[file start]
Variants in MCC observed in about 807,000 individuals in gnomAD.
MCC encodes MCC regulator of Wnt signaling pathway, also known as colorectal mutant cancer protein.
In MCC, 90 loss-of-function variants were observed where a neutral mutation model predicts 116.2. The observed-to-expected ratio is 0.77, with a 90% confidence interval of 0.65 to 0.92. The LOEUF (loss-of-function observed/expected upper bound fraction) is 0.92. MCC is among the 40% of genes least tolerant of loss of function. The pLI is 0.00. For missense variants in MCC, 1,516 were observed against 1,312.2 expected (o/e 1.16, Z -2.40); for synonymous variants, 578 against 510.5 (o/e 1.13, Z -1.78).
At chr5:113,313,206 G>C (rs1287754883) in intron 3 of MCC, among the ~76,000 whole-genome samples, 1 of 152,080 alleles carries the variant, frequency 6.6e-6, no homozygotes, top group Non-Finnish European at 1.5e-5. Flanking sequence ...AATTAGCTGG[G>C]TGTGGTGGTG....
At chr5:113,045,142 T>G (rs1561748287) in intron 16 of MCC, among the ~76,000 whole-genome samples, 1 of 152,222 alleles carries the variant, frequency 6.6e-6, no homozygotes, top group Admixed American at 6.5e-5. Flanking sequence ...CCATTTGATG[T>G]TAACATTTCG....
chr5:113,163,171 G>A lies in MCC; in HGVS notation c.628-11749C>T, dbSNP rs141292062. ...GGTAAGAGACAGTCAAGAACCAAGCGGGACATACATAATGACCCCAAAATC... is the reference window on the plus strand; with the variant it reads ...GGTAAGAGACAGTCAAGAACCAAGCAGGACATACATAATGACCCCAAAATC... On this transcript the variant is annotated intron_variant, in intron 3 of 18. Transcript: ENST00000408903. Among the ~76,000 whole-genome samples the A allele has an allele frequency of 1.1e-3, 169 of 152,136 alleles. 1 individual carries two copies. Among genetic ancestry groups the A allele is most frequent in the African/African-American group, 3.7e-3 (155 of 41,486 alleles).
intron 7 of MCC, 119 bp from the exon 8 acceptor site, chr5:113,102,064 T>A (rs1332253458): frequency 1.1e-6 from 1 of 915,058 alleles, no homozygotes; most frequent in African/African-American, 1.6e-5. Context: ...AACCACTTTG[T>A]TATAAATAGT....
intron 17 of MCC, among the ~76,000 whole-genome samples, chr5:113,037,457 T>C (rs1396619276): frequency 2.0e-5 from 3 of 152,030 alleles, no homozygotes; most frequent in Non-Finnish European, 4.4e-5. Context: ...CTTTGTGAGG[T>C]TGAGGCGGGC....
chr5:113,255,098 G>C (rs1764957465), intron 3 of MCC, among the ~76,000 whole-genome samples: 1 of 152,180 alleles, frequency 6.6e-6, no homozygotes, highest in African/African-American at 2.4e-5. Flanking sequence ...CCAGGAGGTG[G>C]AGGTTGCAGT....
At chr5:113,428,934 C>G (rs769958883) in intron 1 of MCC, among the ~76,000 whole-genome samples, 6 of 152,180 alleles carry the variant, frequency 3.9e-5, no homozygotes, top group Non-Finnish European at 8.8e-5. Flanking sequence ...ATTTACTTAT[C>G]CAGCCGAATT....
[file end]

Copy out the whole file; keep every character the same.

Variants in MCC observed in about 807,000 individuals in gnomAD.
MCC encodes MCC regulator of Wnt signaling pathway, also known as colorectal mutant cancer protein.
In MCC, 90 loss-of-function variants were observed where a neutral mutation model predicts 116.2. The observed-to-expected ratio is 0.77, with a 90% confidence interval of 0.65 to 0.92. The LOEUF (loss-of-function observed/expected upper bound fraction) is 0.92. MCC is among the 40% of genes least tolerant of loss of function. The pLI is 0.00. For missense variants in MCC, 1,516 were observed against 1,312.2 expected (o/e 1.16, Z -2.40); for synonymous variants, 578 against 510.5 (o/e 1.13, Z -1.78).
At chr5:113,313,206 G>C (rs1287754883) in intron 3 of MCC, among the ~76,000 whole-genome samples, 1 of 152,080 alleles carries the variant, frequency 6.6e-6, no homozygotes, top group Non-Finnish European at 1.5e-5. Flanking sequence ...AATTAGCTGG[G>C]TGTGGTGGTG....
At chr5:113,045,142 T>G (rs1561748287) in intron 16 of MCC, among the ~76,000 whole-genome samples, 1 of 152,222 alleles carries the variant, frequency 6.6e-6, no homozygotes, top group Admixed American at 6.5e-5. Flanking sequence ...CCATTTGATG[T>G]TAACATTTCG....
chr5:113,163,171 G>A lies in MCC; in HGVS notation c.628-11749C>T, dbSNP rs141292062. ...GGTAAGAGACAGTCAAGAACCAAGCGGGACATACATAATGACCCCAAAATC... is the reference window on the plus strand; with the variant it reads ...GGTAAGAGACAGTCAAGAACCAAGCAGGACATACATAATGACCCCAAAATC... On this transcript the variant is annotated intron_variant, in intron 3 of 18. Transcript: ENST00000408903. Among the ~76,000 whole-genome samples the A allele has an allele frequency of 1.1e-3, 169 of 152,136 alleles. 1 individual carries two copies. Among genetic ancestry groups the A allele is most frequent in the African/African-American group, 3.7e-3 (155 of 41,486 alleles).
intron 7 of MCC, 119 bp from the exon 8 acceptor site, chr5:113,102,064 T>A (rs1332253458): frequency 1.1e-6 from 1 of 915,058 alleles, no homozygotes; most frequent in African/African-American, 1.6e-5. Context: ...AACCACTTTG[T>A]TATAAATAGT....
intron 17 of MCC, among the ~76,000 whole-genome samples, chr5:113,037,457 T>C (rs1396619276): frequency 2.0e-5 from 3 of 152,030 alleles, no homozygotes; most frequent in Non-Finnish European, 4.4e-5. Context: ...CTTTGTGAGG[T>C]TGAGGCGGGC....
chr5:113,255,098 G>C (rs1764957465), intron 3 of MCC, among the ~76,000 whole-genome samples: 1 of 152,180 alleles, frequency 6.6e-6, no homozygotes, highest in African/African-American at 2.4e-5. Flanking sequence ...CCAGGAGGTG[G>C]AGGTTGCAGT....
At chr5:113,428,934 C>G (rs769958883) in intron 1 of MCC, among the ~76,000 whole-genome samples, 6 of 152,180 alleles carry the variant, frequency 3.9e-5, no homozygotes, top group Non-Finnish European at 8.8e-5. Flanking sequence ...ATTTACTTAT[C>G]CAGCCGAATT....